military helicopter to collide with a transport plane, killing 8 US soldiers. The Iran hostage crisis was a diplomatic crisis between Iran and the United States. Fifty-two US citizens were held hostage for 444 days from November 4, 1979 to January 20, 1981, after a group of Islamic students and militants took over the Embassy of the United States in support of the Iranian Revolution
A man holding a sign during a protest of the crisis in Washington, D.C. in 1979. The sign reads "Deport all Iranians" and "Get the hell out of my country" on its forefront, and "Release all Americans now" on its back. Presidency of Jimmy Carter Later in 1980, after the death of the
Shah, the 2 sides finally reached an agreement and the Iranian govt released the hostages on January 21, 1981. That same day, Ronald Reagan became the new president. As one final act of defiance against Carter, the Iranians waited until Reagan officially took office before allowing the hostages to leave Iran.
Chapters 333-34 SSUSH 21 c; 25 c-g 1980s, 1990s, and 2000s Presidency of Ronald Reagan When Ronald Reagan entered office in 1981, he
introduced an economic plan that his critics quickly labeled Reaganomics. Reagan believed that the economy would be stimulated and would recover quickest if the supply of goods increased. Therefore, he backed policies and supported corporate tax cuts designed to benefit producers. His reasoning was often called the trickle
down theory b/c it advocated that the benefits felt by business owners would eventually trickle down to consumers. Presidency of Ronald Reagan When Reagan became president, he believed that 2 major things needed to happen. First, the size and role of the govt needed to decrease.
Second, the US military had to be built up and strengthened. This meant that at the same time Reagan was spending big bucks on the military, he was cutting taxes and decreasing govt regulation in certain areas. This contributed to a record national debt. The four pillars of Reagan's economic policy were to:
Reduce Growth of Government spending. Reduce Income Tax and Capital Gains Tax. Reduce Government regulation. Control the money supply to reduce inflation. Presidency of Ronald Reagan Unlike Nixon and his predecessors, Reagan believed that the USSR could not be trusted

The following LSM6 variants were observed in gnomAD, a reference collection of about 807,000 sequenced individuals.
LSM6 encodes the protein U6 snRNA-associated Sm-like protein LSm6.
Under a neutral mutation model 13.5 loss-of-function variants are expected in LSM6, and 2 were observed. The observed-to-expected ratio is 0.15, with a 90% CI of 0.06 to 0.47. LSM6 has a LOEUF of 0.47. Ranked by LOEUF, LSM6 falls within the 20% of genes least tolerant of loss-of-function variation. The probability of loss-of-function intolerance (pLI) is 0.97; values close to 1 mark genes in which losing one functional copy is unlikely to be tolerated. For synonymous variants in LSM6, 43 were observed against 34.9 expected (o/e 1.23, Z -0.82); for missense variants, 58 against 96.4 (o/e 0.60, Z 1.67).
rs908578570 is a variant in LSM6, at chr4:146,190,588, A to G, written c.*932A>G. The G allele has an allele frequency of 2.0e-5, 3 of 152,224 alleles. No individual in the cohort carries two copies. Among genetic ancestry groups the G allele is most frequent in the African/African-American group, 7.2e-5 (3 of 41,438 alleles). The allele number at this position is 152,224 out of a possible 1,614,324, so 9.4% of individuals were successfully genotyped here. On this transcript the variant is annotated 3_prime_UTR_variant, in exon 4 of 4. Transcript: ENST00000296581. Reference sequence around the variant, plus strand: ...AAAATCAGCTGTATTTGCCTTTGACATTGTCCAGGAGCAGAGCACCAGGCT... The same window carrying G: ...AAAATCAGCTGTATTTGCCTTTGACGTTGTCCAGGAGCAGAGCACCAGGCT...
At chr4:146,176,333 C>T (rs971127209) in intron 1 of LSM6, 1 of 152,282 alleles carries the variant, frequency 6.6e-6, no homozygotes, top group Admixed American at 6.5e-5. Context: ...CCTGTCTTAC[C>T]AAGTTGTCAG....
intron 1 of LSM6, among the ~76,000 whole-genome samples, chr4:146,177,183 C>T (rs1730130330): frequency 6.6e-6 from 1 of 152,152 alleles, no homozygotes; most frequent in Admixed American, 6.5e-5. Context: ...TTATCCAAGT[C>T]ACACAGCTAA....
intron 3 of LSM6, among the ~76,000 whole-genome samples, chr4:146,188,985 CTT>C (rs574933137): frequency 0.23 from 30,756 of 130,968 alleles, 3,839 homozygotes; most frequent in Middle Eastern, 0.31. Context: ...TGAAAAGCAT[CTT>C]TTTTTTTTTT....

and that they would stop short of nothing but worldwide domination. Reagan made headlines during his first term when he referred to the USSR as an evil empire. Reagan poured $1.5 trillion into the military and initiated SDI (the Strategic Defense Initiative), more commonly known as Star Wars (based on the 1977 film). With SDI, Reagan envisioned the development
of a satellite shield that could prevent Soviet missiles from ever reaching their target. Reagan knew the USSR could not economically afford to compete with such a program. Presidency of Ronald Reagan In 1985, a new leader named Mikhail Gorbachev became the leader of the USSR. Despite Reagans misgivings about the USSR, he
and Gorbachev struck up an unlikely friendship. In 1987, they signed the INF Treaty, which reduced the number of US and Soviet missiles in Europe. Gorbachev realized that the Soviet economy could not sustain an arms race with the US any longer. For this reason, he started a policy of glasnost (political openness) and perestroika (a restructuring of the economy to allow limited
free enterprise). Presidency of Ronald Reagan These changes, along with the collapse of Communist nations in Eastern Europe, paved the way for the fall of communism in the Soviet Union and its satellite nations. On one occasion, while speaking in West Berlin, President Reagan challenged the